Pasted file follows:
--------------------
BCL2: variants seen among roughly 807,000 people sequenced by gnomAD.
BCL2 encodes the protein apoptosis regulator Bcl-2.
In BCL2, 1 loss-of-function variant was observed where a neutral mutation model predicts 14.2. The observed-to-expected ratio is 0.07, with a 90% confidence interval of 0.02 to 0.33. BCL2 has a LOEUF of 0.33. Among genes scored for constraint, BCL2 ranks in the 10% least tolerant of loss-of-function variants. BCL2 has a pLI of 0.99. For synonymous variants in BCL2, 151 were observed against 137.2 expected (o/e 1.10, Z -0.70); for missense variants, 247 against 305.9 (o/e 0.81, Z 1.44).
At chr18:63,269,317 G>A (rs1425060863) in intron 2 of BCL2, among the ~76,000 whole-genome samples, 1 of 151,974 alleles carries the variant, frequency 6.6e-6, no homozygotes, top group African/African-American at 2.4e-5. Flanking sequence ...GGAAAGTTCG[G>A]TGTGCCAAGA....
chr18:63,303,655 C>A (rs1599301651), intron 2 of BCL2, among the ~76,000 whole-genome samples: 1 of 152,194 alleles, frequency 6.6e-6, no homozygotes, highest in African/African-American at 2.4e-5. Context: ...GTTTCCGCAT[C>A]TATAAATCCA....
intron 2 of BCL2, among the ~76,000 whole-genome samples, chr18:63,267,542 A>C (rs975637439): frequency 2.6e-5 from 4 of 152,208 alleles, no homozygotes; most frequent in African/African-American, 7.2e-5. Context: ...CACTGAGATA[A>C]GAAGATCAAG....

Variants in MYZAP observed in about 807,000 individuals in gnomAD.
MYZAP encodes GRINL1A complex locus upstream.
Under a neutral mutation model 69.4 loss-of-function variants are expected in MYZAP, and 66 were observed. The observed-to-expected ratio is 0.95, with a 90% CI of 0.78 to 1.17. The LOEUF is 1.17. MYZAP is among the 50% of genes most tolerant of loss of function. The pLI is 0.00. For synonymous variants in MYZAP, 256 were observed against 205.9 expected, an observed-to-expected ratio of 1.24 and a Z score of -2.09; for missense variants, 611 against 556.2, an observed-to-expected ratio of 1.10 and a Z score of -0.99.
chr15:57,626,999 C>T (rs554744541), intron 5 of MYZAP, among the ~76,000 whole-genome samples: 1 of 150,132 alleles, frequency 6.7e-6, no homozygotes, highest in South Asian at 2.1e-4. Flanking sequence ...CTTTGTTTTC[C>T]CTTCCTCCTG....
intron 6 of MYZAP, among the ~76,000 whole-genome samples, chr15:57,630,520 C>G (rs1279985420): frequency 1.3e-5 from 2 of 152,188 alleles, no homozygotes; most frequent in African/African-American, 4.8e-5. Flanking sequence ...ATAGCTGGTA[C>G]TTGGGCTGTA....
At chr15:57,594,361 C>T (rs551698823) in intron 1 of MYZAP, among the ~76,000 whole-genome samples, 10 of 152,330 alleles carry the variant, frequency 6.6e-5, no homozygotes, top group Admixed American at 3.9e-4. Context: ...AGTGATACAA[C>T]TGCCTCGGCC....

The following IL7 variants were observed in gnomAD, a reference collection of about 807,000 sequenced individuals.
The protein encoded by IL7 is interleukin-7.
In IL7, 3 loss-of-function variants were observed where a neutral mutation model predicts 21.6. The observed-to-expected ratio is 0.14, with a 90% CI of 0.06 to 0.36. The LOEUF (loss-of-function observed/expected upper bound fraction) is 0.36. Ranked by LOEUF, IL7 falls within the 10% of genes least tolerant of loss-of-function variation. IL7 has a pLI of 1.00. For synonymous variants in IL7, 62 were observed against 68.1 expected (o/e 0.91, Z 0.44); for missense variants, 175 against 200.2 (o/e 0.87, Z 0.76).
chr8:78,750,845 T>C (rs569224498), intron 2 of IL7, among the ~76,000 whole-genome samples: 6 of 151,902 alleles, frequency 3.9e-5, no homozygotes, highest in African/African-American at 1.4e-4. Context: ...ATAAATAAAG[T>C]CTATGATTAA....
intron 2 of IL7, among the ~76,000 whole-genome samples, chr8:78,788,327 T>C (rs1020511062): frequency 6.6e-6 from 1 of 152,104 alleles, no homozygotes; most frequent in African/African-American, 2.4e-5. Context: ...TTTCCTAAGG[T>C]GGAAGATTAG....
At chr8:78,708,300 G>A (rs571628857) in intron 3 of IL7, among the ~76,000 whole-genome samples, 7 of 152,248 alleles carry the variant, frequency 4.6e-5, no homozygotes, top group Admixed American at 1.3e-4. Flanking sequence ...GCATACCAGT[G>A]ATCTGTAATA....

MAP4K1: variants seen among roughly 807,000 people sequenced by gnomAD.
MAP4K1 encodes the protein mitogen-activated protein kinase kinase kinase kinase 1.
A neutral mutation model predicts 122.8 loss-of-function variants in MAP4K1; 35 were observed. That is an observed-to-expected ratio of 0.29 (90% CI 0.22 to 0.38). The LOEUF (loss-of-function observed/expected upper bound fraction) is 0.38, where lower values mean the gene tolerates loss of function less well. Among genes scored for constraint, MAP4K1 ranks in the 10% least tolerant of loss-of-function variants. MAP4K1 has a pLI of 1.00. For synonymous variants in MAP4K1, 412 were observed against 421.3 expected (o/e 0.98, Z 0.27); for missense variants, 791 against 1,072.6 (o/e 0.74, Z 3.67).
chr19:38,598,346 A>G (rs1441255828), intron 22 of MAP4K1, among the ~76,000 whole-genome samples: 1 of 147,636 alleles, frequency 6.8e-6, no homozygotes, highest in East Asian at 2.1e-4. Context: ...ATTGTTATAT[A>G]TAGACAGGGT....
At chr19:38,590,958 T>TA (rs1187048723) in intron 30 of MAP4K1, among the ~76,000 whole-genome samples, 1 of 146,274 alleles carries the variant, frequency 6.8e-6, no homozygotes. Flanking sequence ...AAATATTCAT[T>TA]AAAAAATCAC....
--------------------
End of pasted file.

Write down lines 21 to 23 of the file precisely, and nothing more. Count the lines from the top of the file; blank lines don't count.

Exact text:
A neutral mutation model predicts 122.8 loss-of-function variants in MAP4K1; 35 were observed. That is an observed-to-expected ratio of 0.29 (90% CI 0.22 to 0.38). The LOEUF (loss-of-function observed/expected upper bound fraction) is 0.38, where lower values mean the gene tolerates loss of function less well. Among genes scored for constraint, MAP4K1 ranks in the 10% least tolerant of loss-of-function variants. MAP4K1 has a pLI of 1.00. For synonymous variants in MAP4K1, 412 were observed against 421.3 expected (o/e 0.98, Z 0.27); for missense variants, 791 against 1,072.6 (o/e 0.74, Z 3.67).
chr19:38,598,346 A>G (rs1441255828), intron 22 of MAP4K1, among the ~76,000 whole-genome samples: 1 of 147,636 alleles, frequency 6.8e-6, no homozygotes, highest in East Asian at 2.1e-4. Context: ...ATTGTTATAT[A>G]TAGACAGGGT....
At chr19:38,590,958 T>TA (rs1187048723) in intron 30 of MAP4K1, among the ~76,000 whole-genome samples, 1 of 146,274 alleles carries the variant, frequency 6.8e-6, no homozygotes. Flanking sequence ...AAATATTCAT[T>TA]AAAAAATCAC....